The Coldest Winter Ever
Sister Souljah
ISBN 0-7432-7010-X
Washington Square Press, 1999
Urban Fiction

Winter learned to hustle from the best, will it be enough to keep her alive?


Winter Santiaga has it all: the looks, the money, the power, and the home. These are the things that matter to Winter. Winter’s father, Ricky, is a successful gangster in New York, who taught his wife and children the art of hustling. But the the Santiagas’ world is quickly turned upside down beginning with a shooting where the mother is shot in the face.  Mrs. Santiaga is destroyed by wound; her beauty is ruined and she forms an addiction to painkillers. Santiaga is arrested along with most of his street army. With no one to turn to and limited reserves of money and resources the Santiaga family implodes. Winter’s sisters, Mercedes, Porsche, and Lexus, are snapped up by child welfare and sent to foster homes, but Winter evades the system, ever a hustler. She lives with an older man for a while, followed by a stint with an aunt. At her aunt’s she is reported to child welfare and placed in the House of Success, a group home for girls.

She continues hustling at the home, employing Simone, a friend from Brooklyn to steal items that she re-sells to the House of Success residents. Simone, pregnant, is arrested and Winter refuses to put up bail. Simone is released and brings a crew of girls to the House of Success to beat Winter up. Winter escapes and runs away, but Simone falls and eventually miscarries. Another resident of the House of Success advises winter to stay away and takes her to a “friend’s” house for refuge.

It turns out this friend is Sister Souljah, a political activist whose message Winter despises. Even with an opportunity to grow and perhaps change her destructive path, Winter continues on the road to self destruction. She hustles those who want to help her. Unfortunately, Winter’s hustle at Souljah’s fails when Souljah’s sister switches their bags, leaving Winter with nothing. Forced to leave Souljah’s house, Winter runs into Bullet, a man she dated previously. They rekindle, after all, Winter needs a place to go. Bullet arranges a big, final hustle that will allow he and Winter to set out on their own. The deal is a bust, Winter lands in jail and Bullet walks free.

Prison. This had to be where Winter was headed all her life. She is joined by friends and family from Brooklyn, everybody she knows is there. Released on a pass to attend her mother’s funeral, Winter reunites with her sisters, the eldest of whom is just like Winter. It is not until the very end of The Coldest Winter Ever that Winter realizes her mistakes and learns a lesson or two.


The Coldest Winter Ever was kind of like a relentless tapping on your shoulder. Not painful, but definitely annoying. Winter is awful, but you still root for her as she makes bad choices again and again. Witnessing her downward spiral is painful and emotional. She has no respect for herself and thus gains little from others. Sister Souljah effectively illustrates the problems of crime and the cycle of crime, abuse, and beliefs that the Santiaga family is absorbed by.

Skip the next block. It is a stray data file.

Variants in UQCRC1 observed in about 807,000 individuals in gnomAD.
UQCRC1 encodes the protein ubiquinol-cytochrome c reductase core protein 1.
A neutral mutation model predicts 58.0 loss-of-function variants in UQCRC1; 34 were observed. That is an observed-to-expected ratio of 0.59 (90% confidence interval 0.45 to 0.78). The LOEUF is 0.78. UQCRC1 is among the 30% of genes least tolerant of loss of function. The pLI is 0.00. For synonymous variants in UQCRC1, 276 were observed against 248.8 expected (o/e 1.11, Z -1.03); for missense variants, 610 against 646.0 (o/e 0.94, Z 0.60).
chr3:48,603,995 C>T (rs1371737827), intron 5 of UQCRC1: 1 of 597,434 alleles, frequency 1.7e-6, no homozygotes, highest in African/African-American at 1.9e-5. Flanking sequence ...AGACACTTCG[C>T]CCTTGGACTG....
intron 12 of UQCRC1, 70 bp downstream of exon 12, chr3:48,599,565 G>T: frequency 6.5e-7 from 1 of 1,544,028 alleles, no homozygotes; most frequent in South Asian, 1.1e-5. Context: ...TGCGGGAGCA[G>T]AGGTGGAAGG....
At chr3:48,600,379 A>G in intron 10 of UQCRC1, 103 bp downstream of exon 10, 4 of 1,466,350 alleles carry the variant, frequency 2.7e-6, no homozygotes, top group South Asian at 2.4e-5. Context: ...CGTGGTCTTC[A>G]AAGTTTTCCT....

Curriculum Ties:

An interesting English class assignment would be to pair this novel with another epic family tale, something more conventional such as 100 Years of Solitude by Marquez.


Explicit sex, language, violence, crime.

This is an adult novel, so challenges to it might be rare. I would not shelve it in a YA section. Should a challenge arise from a teen reading the novel, (or any other reason), ask the challenger to read the entire novel and think about the message that Souljah is trying to communicate. Highlight the important place that The Coldest Winter Ever holds in the urban fiction genre and the role that this genre can play in the reading lives of urban youth.

Selection Rationale:

The Coldest Winter Ever is cited again and again as a groundbreaking novel. It is a classic in the urban lit genre.

“Although the novels writing is amateurish, the message is sincere.” – Library Journal

The Coldest Winter Ever is a fast-moving, impeccably brilliant account of choices and consequences within the urban hip-hop culture. Sister Souljah writes eloquently with expressive insights and language of youth. Amidst the crisis and cruelty of inner city poverty and seemingly insurmountable struggles, Sister Souljah’s voice is one of grace and unmistakable clarity in one young woman’s coming-of-age story.” – Magill Book Reviews


Read the final paragraph, Winter on her sister, page 284.

Construct an opinion of Winter from Midnight’s point of view.

About the Author:

Sister Souljah, born in the Bronx, is an activist, musician, author, performer, and film producer. She is the author of three books. Souljah lectures on many topics about relationships, self-esteem, and rights in the African-American community, as well as diversity and coalition building.